Effective endings ensure that intervention gains continue after the therapeutic relationship ends. Joseph Walsh relates this critical topic to all practitioners through his use of diverse settings, detailed coverage of clinical endings, and extensive case illustrations that make the content concrete, practical, and accessible. Walsh takes a multi-setting and multi-theoretical approach to the often-overlooked topic of endings in clinical practice.
Endings in Clinical Practice is organized into three parts. The first part covers types of endings in clinical practice, both planned and unplanned; the importance of closure; and common endings tasks across fields of practice. Part Two outlines theoretical perspectives on endings especially pertinent to advanced practitioners. The final section considers a variety of specific clinical ending situations and the ways in which clients and practitioners may react to them.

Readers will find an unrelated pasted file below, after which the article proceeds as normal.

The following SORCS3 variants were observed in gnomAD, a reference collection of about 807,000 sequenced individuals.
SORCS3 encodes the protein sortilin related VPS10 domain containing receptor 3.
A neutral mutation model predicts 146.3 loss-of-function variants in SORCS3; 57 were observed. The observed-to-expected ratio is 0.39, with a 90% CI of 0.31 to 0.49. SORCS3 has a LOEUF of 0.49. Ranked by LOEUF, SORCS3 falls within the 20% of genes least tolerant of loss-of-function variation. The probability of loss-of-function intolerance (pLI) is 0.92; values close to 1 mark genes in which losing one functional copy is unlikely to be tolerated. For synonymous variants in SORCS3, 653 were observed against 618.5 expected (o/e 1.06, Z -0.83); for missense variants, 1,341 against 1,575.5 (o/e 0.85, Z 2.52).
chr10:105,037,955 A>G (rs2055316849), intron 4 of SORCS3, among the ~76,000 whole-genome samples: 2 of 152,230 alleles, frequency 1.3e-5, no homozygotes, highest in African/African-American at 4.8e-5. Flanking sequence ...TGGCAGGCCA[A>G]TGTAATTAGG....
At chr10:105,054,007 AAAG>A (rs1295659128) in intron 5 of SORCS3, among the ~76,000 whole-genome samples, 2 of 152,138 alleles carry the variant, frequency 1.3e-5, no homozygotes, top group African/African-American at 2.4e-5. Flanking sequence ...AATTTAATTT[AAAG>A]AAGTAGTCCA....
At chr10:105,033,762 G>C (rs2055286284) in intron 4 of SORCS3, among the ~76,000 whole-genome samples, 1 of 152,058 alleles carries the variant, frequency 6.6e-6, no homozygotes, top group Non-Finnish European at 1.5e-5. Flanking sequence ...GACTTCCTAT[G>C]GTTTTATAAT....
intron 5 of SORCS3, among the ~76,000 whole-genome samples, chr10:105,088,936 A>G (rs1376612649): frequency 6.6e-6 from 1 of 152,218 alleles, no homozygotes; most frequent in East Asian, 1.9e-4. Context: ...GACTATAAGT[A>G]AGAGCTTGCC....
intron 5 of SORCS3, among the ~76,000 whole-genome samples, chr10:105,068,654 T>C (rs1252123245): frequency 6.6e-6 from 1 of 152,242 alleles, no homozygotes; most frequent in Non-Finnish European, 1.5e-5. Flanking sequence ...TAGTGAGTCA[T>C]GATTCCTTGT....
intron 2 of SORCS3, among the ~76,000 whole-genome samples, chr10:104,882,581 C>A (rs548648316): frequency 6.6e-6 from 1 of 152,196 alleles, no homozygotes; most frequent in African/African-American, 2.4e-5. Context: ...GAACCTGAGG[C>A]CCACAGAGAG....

Joseph Walsh, (PhD, LCSW, Ohio State University) is professor of social work at Virginia Commonwealth University. He has been a direct services practitioner in the field of mental health since 1974, first in a psychiatric hospital and later in community mental health center settings. He continues to provide direct services to clients at the university counseling center and also at area shelters, clubhouses, and group homes. Professor Walsh was the 1998 recipient of the National Mental Health Association's George Goodman Brudney and Ruth P. Brudney Social Work Award, given annually to recognize significant contributions to the care and treatment of persons with mental illness.